Wow. You’re so beautiful. Look at those curves, those planes and angles, those intricate patterns of stretch marks, scars, hairs, dimples, and folds. I’ve never seen anyone just like you before and I’m so grateful that you exist and that you look exactly as you do.
If you happen to have a belly that pokes out a bit in front like I do, maybe sometimes hanging over your pants, I really can’t thank you enough. Despite my best efforts, I still struggle with body image, and every time I see you looking so cute I breathe a sigh of relief and know that me and my belly can be cute and lovable too.
(If you are thin, by the way, I still think you’re beautiful, and I know that you can still feel all kinds of body insecurity and that you can certainly be struggling with your health. So don’t worry, this article is for you, too.)
How did we get here? Why is it so hard for us to see our own beauty? And even when we can see it clearly, why do we have to wonder if our fat is a sign of ill health? Said another way, why do we equate thinness with health? Is there any truth to that idea?
As usual, we should look to the power of words. The medical industry has determined a “healthy range” for body mass index (BMI), a ratio of height to weight that supposedly gagues how much fat a person has, as compared with other types of tissue. This index is heavily relied upon by the insurance-driven assembly-line medical system and often leaves people whose bodies are judged to be “overweight” or “obese” feeling guilty about their health problems, without offering any helpful solutions.
And it doesn’t start or end in the doctor’s office. Messages in television, movies, commercials, and other media tell us that the thinnest people are the healthiest, that fat is shameful, and that if we don’t fit the mould we aren’t trying hard enough.
Of course, those of us still willing to trust our own eyes can see that many healthy happy vibrant people have layers of cushion on various parts of ourselves. We can also see that many thin people are far from the picture of health, that in fact those who stay very thin through middle age have more health problems on average than those who expand into their roles as elders.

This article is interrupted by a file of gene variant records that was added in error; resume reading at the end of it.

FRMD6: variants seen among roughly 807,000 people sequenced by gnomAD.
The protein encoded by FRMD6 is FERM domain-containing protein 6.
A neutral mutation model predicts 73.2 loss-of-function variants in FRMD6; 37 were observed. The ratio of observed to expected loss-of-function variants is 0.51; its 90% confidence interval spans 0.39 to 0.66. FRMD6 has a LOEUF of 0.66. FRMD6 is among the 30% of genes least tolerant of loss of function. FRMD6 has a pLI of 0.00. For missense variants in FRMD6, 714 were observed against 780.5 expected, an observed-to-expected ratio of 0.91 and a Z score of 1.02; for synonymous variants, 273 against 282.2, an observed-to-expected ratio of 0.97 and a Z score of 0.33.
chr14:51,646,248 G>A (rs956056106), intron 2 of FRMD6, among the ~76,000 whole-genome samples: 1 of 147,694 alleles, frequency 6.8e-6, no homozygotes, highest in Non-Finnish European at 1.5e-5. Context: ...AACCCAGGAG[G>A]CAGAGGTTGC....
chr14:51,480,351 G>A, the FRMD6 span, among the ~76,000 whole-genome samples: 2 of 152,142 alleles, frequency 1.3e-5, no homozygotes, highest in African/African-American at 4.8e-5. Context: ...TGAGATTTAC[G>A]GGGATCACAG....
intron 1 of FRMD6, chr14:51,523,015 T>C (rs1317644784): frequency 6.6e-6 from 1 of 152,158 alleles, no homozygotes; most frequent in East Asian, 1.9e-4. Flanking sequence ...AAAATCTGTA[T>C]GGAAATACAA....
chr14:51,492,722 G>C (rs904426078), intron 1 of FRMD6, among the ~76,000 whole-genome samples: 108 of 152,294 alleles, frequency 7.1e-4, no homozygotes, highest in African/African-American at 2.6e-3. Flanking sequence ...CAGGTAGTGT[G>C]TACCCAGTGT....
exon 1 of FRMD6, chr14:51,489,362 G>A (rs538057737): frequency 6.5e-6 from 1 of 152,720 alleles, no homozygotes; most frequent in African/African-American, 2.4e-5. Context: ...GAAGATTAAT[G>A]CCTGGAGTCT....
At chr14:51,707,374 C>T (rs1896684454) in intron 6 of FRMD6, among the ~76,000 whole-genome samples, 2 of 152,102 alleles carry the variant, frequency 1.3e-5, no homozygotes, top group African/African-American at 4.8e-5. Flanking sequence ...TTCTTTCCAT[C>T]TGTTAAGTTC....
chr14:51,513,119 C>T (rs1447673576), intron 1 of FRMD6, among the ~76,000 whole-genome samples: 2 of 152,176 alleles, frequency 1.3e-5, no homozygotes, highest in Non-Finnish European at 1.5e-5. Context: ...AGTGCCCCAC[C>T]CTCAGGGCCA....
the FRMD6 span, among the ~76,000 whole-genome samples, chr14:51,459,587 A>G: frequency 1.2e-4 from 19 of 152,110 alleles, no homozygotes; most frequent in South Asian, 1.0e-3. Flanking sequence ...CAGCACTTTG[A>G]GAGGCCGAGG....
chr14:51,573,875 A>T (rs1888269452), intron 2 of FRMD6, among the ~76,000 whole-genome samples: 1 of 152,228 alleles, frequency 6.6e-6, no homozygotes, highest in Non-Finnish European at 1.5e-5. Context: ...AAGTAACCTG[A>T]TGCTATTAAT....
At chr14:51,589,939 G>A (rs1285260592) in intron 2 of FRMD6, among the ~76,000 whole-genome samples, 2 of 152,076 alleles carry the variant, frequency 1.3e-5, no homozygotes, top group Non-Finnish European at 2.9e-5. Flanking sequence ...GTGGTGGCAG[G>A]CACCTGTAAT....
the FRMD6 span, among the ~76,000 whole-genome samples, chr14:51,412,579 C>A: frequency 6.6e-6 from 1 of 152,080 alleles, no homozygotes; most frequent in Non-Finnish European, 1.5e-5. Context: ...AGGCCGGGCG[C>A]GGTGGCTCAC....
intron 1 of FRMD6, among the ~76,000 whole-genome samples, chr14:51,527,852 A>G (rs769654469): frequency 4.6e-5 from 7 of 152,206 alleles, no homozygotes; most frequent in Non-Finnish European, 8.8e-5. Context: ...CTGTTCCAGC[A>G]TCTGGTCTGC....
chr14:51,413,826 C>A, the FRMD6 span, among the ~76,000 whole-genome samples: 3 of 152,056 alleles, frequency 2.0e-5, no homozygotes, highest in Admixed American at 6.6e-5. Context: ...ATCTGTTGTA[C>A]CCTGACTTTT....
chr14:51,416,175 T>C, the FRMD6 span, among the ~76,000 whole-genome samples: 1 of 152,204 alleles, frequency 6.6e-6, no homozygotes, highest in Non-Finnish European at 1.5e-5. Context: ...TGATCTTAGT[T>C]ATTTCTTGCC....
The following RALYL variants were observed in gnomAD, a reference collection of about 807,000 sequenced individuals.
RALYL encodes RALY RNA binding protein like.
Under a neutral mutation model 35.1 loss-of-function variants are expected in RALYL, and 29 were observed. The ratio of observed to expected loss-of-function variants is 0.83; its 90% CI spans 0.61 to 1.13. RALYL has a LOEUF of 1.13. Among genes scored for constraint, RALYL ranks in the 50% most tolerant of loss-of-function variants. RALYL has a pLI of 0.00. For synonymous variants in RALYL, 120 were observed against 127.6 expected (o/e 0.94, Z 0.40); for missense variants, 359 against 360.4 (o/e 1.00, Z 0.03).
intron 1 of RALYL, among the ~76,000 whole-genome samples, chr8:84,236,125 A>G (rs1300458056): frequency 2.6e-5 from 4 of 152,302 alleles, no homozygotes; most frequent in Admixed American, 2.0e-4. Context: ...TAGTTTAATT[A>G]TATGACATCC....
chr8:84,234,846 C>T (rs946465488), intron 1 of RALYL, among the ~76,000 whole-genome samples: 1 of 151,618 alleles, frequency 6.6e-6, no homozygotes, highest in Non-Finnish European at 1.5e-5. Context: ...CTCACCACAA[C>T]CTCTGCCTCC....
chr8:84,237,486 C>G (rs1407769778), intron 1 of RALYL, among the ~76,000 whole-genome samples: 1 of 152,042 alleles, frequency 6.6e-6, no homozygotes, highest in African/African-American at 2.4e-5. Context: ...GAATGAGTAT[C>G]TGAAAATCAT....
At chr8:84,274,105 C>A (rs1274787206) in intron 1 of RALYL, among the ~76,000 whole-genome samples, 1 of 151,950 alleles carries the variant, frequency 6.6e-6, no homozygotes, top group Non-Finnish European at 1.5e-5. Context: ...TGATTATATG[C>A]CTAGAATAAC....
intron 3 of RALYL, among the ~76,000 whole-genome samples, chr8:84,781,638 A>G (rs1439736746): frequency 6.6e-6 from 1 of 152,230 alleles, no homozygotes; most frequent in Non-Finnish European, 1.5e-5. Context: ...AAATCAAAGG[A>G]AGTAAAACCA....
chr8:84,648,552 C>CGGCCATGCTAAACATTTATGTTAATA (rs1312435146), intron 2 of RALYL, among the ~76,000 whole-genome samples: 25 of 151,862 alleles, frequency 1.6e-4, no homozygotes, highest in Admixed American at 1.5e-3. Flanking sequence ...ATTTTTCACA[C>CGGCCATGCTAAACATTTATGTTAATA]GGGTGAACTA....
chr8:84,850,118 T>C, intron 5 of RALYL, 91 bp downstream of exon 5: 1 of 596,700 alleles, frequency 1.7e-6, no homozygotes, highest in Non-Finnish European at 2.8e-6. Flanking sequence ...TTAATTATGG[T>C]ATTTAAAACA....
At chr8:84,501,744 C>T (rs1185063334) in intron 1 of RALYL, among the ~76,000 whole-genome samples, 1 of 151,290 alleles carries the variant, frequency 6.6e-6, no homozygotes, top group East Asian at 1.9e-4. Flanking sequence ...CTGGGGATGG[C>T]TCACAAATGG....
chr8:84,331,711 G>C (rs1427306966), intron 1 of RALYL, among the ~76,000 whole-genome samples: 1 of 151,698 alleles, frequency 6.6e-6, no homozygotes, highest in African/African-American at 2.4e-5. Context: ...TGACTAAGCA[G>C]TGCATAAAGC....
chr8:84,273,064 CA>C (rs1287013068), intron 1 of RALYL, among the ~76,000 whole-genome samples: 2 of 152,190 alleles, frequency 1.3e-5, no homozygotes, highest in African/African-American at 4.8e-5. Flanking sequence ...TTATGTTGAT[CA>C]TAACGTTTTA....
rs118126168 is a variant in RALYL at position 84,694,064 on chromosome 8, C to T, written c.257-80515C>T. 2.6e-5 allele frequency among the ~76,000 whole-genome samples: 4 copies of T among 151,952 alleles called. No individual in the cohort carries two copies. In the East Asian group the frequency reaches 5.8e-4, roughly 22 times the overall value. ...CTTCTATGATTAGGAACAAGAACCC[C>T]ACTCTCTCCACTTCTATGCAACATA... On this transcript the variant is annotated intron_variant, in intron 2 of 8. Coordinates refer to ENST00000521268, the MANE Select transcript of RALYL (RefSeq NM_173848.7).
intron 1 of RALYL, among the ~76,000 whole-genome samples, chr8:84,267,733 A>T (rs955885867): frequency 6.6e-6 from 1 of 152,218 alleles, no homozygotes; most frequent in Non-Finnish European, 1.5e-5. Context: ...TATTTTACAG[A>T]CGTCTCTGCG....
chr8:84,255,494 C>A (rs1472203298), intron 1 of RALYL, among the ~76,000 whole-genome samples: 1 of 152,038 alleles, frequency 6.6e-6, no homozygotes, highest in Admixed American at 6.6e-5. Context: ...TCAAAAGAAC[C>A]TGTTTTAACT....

However, as with so many things these days, the backlash has almost as much sting as the original insult. I consider myself an active member of the Body Positivity movement, but I am disturbed by certain trends I see within our ranks. It seems that in some circles all attempts at healthy eating are deemed to be part of “diet culture” and as such shunned. Some advocates of “pleasure activism”—a good idea in and of itself—seem to be unwilling to allow people to consider whether they wish to pursue immediate pleasures or the deep pleasure of long-term good health.
We got an amazing array of homebaked cookies from neighbors and friends this year and they were, without exception, delicious. But by day four of several cookies a day everyone in my family had short tempers, slight coughs, achy backs,and/or trouble sleeping. For a few days out of the year I really feel that is part of living a full healthy life. But we were all happy to see the cookies finished and the herbal tea and vegetable drawers still well stocked.
This is my recipe for good health—intake lots of water, herbal teas and infusions and fresh, real foods with their fats, proteins and carbohydrates intact, all the time, get fresh air, exercise and fun in large doses, and have as many cookies, cocktails or other treats as you feel like eating, up to the point where you see consequences for your health and happiness.
- Are my physical and emotional and mental state commensurate with my surroundings and experience? (If you live in a bleak postindustrial cybernetic hell you may be miserable. This would be a healthy response to your surroundings.)
- Do I feel hungry a few times a day and comfortable after eating?
- Do I generally eat fresh nourishing foods when I’m hungry?
- Do I avoid eating when I’m not hungry — out of boredom, anxiety, or loneliness?
- Do I get some exercise every day (this can include retrieving forgotten items from upstairs, vigorous cleaning, exhuberant gardening, any old parenting, walking, etc.)?
- Do I get my heart rate up a few times a week?
- Do I have coping strategies for my emotional issues that do not involve excessive use—or denial—of food or alcohol?
- Do I poop regularly and smoothly, without constipation or diherrhea?
- Do I drink at least 40 ounces, ideally 80+ ounces of water every day?
- Do I rest my body for a significant portion of each day, and sleep for enough of that time to feel good the next day? (Different bodies require different amounts of sleep, but that’s a subject for another article.)
- Do I eat mostly fresh whole real foods as opposed to packaged processed foods or restaurant meals?
- Can I move freely without much stiffness or pain?